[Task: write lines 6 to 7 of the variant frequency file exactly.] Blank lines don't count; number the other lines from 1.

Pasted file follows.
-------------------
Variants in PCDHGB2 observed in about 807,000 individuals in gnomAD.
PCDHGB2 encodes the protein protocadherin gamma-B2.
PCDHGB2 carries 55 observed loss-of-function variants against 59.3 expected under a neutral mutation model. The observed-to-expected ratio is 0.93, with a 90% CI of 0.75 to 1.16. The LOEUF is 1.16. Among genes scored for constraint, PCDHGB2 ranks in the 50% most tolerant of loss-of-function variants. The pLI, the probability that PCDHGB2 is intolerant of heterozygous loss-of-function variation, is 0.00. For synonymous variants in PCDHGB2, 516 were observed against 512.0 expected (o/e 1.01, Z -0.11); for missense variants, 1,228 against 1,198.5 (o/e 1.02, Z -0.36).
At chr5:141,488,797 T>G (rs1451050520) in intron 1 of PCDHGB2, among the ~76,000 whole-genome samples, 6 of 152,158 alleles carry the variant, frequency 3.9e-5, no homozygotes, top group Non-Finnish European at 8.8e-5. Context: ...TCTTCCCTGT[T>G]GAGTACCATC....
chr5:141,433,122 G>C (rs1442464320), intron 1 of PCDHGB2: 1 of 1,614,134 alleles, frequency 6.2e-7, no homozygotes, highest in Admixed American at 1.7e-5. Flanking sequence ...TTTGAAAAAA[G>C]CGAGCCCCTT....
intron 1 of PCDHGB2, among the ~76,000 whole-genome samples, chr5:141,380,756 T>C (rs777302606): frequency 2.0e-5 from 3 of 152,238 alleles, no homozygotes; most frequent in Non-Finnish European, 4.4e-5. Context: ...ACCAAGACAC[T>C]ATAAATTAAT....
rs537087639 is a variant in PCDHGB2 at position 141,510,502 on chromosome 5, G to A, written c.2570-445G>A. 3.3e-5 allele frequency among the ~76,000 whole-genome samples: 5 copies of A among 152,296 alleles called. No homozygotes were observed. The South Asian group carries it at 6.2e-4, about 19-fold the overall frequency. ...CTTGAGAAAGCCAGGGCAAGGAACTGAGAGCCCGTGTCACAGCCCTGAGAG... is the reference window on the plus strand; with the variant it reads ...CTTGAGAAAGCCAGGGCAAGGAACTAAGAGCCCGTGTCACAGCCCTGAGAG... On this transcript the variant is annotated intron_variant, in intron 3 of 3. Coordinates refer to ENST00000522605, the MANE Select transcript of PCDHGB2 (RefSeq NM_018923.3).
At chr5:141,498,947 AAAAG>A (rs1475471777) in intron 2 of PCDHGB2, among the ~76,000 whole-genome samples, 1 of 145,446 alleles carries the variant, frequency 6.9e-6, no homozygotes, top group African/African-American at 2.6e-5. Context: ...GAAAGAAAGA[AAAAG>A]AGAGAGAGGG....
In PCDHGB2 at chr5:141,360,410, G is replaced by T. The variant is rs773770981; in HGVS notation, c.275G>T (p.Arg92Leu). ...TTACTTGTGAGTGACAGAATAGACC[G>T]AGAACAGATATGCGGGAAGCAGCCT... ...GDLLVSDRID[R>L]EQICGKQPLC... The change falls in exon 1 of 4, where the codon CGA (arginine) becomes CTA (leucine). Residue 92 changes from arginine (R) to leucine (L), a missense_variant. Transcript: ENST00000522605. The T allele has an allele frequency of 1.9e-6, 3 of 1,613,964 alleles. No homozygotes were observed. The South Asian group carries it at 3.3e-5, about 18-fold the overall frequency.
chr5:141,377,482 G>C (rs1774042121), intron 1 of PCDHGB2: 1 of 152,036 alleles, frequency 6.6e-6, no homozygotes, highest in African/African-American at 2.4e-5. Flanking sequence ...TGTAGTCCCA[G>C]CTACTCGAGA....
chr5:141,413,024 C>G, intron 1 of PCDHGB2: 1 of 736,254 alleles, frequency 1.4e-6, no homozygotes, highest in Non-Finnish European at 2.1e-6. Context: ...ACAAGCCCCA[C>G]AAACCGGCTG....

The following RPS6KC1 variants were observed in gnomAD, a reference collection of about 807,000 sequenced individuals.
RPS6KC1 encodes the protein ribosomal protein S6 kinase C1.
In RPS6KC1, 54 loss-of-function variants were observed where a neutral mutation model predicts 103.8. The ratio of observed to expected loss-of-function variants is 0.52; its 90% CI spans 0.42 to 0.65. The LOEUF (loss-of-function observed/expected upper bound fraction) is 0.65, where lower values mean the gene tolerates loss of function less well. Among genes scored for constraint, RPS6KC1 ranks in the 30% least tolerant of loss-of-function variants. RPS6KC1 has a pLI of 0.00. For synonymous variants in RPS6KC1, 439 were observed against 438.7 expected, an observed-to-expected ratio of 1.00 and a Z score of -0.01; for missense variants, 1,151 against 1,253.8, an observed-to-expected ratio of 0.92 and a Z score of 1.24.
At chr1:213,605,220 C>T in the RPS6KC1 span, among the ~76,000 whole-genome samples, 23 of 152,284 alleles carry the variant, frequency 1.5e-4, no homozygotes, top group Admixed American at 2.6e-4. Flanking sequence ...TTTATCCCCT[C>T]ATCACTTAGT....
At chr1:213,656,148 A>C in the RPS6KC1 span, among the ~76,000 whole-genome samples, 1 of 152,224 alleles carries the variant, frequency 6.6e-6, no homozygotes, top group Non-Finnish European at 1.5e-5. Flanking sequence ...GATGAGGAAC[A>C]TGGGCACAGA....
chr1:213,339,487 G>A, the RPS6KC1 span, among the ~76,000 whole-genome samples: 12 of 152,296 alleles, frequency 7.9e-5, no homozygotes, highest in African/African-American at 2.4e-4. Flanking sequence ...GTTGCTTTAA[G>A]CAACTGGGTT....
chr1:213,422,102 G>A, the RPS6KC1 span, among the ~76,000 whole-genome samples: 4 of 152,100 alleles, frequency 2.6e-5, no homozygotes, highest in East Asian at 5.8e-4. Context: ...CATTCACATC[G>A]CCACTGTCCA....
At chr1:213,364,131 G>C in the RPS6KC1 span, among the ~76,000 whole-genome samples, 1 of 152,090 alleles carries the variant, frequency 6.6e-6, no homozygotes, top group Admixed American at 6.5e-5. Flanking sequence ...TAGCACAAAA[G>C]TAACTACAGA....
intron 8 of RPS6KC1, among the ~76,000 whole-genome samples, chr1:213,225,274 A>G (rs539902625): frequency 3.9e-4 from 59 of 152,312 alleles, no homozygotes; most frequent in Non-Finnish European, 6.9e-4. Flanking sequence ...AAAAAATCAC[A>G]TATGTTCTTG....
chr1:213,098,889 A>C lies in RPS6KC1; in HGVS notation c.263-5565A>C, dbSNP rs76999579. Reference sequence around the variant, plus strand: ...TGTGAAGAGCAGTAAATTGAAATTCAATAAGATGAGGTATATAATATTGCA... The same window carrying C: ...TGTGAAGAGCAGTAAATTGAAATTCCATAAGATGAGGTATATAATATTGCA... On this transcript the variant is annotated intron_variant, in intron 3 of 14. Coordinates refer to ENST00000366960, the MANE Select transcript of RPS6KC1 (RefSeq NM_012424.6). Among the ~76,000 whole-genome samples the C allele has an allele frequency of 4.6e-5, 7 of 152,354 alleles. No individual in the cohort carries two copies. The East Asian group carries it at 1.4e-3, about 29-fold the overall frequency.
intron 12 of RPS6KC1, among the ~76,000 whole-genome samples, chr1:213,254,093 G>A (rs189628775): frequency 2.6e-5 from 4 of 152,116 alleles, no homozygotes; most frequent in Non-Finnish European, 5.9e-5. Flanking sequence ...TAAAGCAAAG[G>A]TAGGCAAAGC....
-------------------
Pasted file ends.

intron 1 of PCDHGB2, among the ~76,000 whole-genome samples, chr5:141,380,756 T>C (rs777302606): frequency 2.0e-5 from 3 of 152,238 alleles, no homozygotes; most frequent in Non-Finnish European, 4.4e-5. Context: ...ACCAAGACAC[T>C]ATAAATTAAT....
rs537087639 is a variant in PCDHGB2 at position 141,510,502 on chromosome 5, G to A, written c.2570-445G>A. 3.3e-5 allele frequency among the ~76,000 whole-genome samples: 5 copies of A among 152,296 alleles called. No homozygotes were observed. The South Asian group carries it at 6.2e-4, about 19-fold the overall frequency. ...CTTGAGAAAGCCAGGGCAAGGAACTGAGAGCCCGTGTCACAGCCCTGAGAG... is the reference window on the plus strand; with the variant it reads ...CTTGAGAAAGCCAGGGCAAGGAACTAAGAGCCCGTGTCACAGCCCTGAGAG... On this transcript the variant is annotated intron_variant, in intron 3 of 3. Coordinates refer to ENST00000522605, the MANE Select transcript of PCDHGB2 (RefSeq NM_018923.3).